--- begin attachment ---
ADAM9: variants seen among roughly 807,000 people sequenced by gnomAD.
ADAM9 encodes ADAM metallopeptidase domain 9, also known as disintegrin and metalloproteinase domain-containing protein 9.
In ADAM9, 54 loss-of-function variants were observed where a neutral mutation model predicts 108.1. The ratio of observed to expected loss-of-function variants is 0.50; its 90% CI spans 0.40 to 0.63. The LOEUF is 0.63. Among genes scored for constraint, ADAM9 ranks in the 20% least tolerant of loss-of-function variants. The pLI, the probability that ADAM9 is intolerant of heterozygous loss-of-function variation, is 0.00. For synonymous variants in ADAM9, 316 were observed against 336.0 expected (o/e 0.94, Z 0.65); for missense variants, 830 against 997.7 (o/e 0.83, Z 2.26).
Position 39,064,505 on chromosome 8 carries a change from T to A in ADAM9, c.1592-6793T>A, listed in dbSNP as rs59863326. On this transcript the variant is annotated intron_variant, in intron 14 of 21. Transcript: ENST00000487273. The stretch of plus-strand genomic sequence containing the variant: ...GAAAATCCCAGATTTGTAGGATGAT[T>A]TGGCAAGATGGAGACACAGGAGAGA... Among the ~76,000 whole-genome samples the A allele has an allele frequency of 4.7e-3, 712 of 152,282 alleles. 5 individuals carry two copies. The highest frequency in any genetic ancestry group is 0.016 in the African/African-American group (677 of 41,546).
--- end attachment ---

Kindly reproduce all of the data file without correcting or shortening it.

ADAM9: variants seen among roughly 807,000 people sequenced by gnomAD.
ADAM9 encodes ADAM metallopeptidase domain 9, also known as disintegrin and metalloproteinase domain-containing protein 9.
In ADAM9, 54 loss-of-function variants were observed where a neutral mutation model predicts 108.1. The ratio of observed to expected loss-of-function variants is 0.50; its 90% CI spans 0.40 to 0.63. The LOEUF is 0.63. Among genes scored for constraint, ADAM9 ranks in the 20% least tolerant of loss-of-function variants. The pLI, the probability that ADAM9 is intolerant of heterozygous loss-of-function variation, is 0.00. For synonymous variants in ADAM9, 316 were observed against 336.0 expected (o/e 0.94, Z 0.65); for missense variants, 830 against 997.7 (o/e 0.83, Z 2.26).
Position 39,064,505 on chromosome 8 carries a change from T to A in ADAM9, c.1592-6793T>A, listed in dbSNP as rs59863326. On this transcript the variant is annotated intron_variant, in intron 14 of 21. Transcript: ENST00000487273. The stretch of plus-strand genomic sequence containing the variant: ...GAAAATCCCAGATTTGTAGGATGAT[T>A]TGGCAAGATGGAGACACAGGAGAGA... Among the ~76,000 whole-genome samples the A allele has an allele frequency of 4.7e-3, 712 of 152,282 alleles. 5 individuals carry two copies. The highest frequency in any genetic ancestry group is 0.016 in the African/African-American group (677 of 41,546).